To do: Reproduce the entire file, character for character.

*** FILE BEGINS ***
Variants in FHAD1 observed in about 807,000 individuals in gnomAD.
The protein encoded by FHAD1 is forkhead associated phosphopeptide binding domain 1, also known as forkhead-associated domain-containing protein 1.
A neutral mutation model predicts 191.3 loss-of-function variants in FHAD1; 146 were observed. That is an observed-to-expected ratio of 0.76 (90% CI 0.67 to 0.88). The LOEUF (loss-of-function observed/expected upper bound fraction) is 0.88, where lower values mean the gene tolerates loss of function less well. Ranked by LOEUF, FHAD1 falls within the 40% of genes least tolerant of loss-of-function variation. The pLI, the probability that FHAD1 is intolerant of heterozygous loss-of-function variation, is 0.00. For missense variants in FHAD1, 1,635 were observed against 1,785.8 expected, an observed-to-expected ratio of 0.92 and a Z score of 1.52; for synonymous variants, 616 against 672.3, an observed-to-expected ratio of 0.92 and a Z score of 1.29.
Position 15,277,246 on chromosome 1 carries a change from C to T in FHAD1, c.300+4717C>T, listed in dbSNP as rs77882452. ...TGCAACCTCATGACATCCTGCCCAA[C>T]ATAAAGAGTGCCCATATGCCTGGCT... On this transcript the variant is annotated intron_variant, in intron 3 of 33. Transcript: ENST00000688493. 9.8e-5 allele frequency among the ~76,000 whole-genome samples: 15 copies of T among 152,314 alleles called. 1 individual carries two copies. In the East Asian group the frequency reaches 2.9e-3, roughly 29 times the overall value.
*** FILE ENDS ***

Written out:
Variants in FHAD1 observed in about 807,000 individuals in gnomAD.
The protein encoded by FHAD1 is forkhead associated phosphopeptide binding domain 1, also known as forkhead-associated domain-containing protein 1.
A neutral mutation model predicts 191.3 loss-of-function variants in FHAD1; 146 were observed. That is an observed-to-expected ratio of 0.76 (90% CI 0.67 to 0.88). The LOEUF (loss-of-function observed/expected upper bound fraction) is 0.88, where lower values mean the gene tolerates loss of function less well. Ranked by LOEUF, FHAD1 falls within the 40% of genes least tolerant of loss-of-function variation. The pLI, the probability that FHAD1 is intolerant of heterozygous loss-of-function variation, is 0.00. For missense variants in FHAD1, 1,635 were observed against 1,785.8 expected, an observed-to-expected ratio of 0.92 and a Z score of 1.52; for synonymous variants, 616 against 672.3, an observed-to-expected ratio of 0.92 and a Z score of 1.29.
Position 15,277,246 on chromosome 1 carries a change from C to T in FHAD1, c.300+4717C>T, listed in dbSNP as rs77882452. ...TGCAACCTCATGACATCCTGCCCAA[C>T]ATAAAGAGTGCCCATATGCCTGGCT... On this transcript the variant is annotated intron_variant, in intron 3 of 33. Transcript: ENST00000688493. 9.8e-5 allele frequency among the ~76,000 whole-genome samples: 15 copies of T among 152,314 alleles called. 1 individual carries two copies. In the East Asian group the frequency reaches 2.9e-3, roughly 29 times the overall value.